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How Medical Benefits Cover Works
Medical benefits typically pay for the care and treatments delivered to patients in acute settings, such as hospitals, clinics, or healthcare providers’ offices.
Common examples of these types of drugs are:
- Herceptin (trastuzumab),
- Ocrevus (ocrelizumab),
- Prolia (denosumab),
- Remicade (infliximab), and
- Xolair (omalizumab).
Drugs administered in such circumstances may be used to treat conditions ranging from arthritic psoriasis to non–small cell lung cancer (NSCLC). These drugs are usually given to patients with acute symptoms to stabilize them enough to discharge them and refer them back to their physician or a specialist for ongoing care. However, when a specialty pharmacy dispenses such drugs, they are not always covered under the medical benefit.
Some of the challenges involved in paying for these drugs include:
- Visibility challenges resulting from J-codes. Some drugs don’t have assigned J-codes and are billed under an unspecified or miscellaneous code. On occasion, J-codes apply to several different drugs, making tracking and evaluating the exact amount billed more difficult.
- Incorrect billing, which is common and results in problems with payments at a later stage.
- Fewer checks and balances exist under medical benefits than pharmacy benefits, resulting in limited opportunities to manage drug spend.
- Lack of automation for both prior authorization (PA) and claims processing, which means payers have to continue to rely on faxes and phone calls.
- Medical claims data lags behind the actual service and is often not available for days or weeks after a patient sees a provider or receives the medication. However, pharmacy claims are processed in near real-time, prior to the patient actually utilizing the medication.
All these factors make managing specialty drug spending challenging, regardless of coverage.
How Does Pharmacy Coverage Work?
A pharmacy benefit plan is an insurance policy covering the costs of prescription medications for members. Pharmacy plans work by either paying the pharmacy directly or reimbursing the patient for prescription medicines. Coverage depends on the member’s plan and whether the drugs prescribed appear on the plan’s formulary. The amount covered depends on how the health plan splits the cost between member and insurer.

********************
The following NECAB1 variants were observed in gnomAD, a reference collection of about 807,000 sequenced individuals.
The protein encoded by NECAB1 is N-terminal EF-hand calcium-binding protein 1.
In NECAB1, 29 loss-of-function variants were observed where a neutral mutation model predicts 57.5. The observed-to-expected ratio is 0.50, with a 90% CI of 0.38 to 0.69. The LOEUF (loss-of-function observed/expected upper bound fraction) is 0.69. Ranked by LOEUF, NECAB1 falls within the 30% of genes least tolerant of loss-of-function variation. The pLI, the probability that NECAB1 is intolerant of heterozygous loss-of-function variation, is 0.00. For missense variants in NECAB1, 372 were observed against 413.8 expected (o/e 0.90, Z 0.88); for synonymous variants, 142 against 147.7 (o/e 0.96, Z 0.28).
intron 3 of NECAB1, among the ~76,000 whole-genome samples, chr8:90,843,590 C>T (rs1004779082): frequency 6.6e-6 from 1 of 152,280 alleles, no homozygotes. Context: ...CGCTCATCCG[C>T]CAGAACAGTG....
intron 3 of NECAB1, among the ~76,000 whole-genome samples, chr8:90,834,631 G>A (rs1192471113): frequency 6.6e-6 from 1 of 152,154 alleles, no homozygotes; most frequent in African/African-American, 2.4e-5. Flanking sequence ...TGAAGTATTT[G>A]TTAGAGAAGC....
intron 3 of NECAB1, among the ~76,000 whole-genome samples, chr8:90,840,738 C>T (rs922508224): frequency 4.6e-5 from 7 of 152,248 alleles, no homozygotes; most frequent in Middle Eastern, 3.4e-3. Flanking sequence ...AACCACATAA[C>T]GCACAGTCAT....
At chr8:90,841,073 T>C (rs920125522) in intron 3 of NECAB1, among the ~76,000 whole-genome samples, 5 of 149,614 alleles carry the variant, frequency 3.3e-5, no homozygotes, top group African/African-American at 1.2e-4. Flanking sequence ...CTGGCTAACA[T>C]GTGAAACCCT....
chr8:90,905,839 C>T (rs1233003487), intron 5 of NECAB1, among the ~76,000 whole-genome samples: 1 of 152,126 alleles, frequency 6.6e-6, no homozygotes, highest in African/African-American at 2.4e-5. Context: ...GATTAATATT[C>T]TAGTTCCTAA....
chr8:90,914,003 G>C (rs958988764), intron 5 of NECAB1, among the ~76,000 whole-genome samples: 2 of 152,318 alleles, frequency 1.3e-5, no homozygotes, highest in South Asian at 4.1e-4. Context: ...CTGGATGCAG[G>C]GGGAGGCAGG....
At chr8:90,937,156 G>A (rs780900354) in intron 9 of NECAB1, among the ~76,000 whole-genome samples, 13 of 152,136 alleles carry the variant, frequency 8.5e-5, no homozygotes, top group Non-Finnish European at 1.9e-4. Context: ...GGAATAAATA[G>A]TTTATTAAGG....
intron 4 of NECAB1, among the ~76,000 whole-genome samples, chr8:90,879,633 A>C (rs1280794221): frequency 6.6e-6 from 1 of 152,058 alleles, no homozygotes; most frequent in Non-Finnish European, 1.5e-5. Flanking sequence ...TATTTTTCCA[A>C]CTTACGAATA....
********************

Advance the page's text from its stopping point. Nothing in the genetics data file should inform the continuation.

Most formularies group drugs into tiers based on cost, and members’ co-payments depend on the tier a drug falls under. Many medications are covered automatically for patients with a doctor’s prescription. However, others are covered only under specific circumstances, such as when prescribed for particular conditions or limited to use only after another medication is tried.
Forward to the Future
It’s always tricky to predict the future, but industry commentators believe an integrated, cross-benefit management system is the way to go when determining specialty drug coverage. As the number of specialty products increases, payors will likely develop new specialty management models. These could include Medicare Part B PA delegation and rebates on drugs adjudicated under the medical benefit.
Ultimately, it will be necessary to change the system to achieve improved results, but integration would be a step in the right direction. Through technology, providers can create an integrated, value- and outcomes-based system that delivers health care based on individual needs. Such a system would support stakeholder transparency, enabling organizations to make sound decisions and deliver quality care. This will benefit PBMs, pharmacy and medical providers, and patients.
Xevant provides an intelligent analytics platform geared at managing prescription drug distribution. Discover how this integrated system can help you optimize the use of specialty drugs, understand coverage under the medical benefit vs. pharmacy benefit, and improve patient outcomes. Contact us to schedule a demo today.